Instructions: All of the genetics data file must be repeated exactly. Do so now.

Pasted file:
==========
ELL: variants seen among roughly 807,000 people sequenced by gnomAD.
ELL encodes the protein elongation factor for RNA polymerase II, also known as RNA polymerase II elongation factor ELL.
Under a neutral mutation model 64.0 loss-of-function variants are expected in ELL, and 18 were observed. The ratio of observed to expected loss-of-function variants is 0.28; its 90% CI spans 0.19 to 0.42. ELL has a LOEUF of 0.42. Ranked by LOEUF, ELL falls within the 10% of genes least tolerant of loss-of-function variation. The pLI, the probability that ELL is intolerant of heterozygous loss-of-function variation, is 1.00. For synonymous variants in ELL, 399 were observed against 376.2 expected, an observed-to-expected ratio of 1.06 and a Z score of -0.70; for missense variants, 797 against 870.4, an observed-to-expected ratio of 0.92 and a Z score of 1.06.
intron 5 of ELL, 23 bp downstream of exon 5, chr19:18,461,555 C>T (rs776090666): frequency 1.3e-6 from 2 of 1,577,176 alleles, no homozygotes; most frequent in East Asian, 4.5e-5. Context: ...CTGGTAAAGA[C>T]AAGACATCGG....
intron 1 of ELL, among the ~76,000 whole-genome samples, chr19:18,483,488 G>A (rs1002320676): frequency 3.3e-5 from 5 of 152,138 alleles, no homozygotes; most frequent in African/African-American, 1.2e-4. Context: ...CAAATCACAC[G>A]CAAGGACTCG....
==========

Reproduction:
ELL: variants seen among roughly 807,000 people sequenced by gnomAD.
ELL encodes the protein elongation factor for RNA polymerase II, also known as RNA polymerase II elongation factor ELL.
Under a neutral mutation model 64.0 loss-of-function variants are expected in ELL, and 18 were observed. The ratio of observed to expected loss-of-function variants is 0.28; its 90% CI spans 0.19 to 0.42. ELL has a LOEUF of 0.42. Ranked by LOEUF, ELL falls within the 10% of genes least tolerant of loss-of-function variation. The pLI, the probability that ELL is intolerant of heterozygous loss-of-function variation, is 1.00. For synonymous variants in ELL, 399 were observed against 376.2 expected, an observed-to-expected ratio of 1.06 and a Z score of -0.70; for missense variants, 797 against 870.4, an observed-to-expected ratio of 0.92 and a Z score of 1.06.
intron 5 of ELL, 23 bp downstream of exon 5, chr19:18,461,555 C>T (rs776090666): frequency 1.3e-6 from 2 of 1,577,176 alleles, no homozygotes; most frequent in East Asian, 4.5e-5. Context: ...CTGGTAAAGA[C>T]AAGACATCGG....
intron 1 of ELL, among the ~76,000 whole-genome samples, chr19:18,483,488 G>A (rs1002320676): frequency 3.3e-5 from 5 of 152,138 alleles, no homozygotes; most frequent in African/African-American, 1.2e-4. Context: ...CAAATCACAC[G>A]CAAGGACTCG....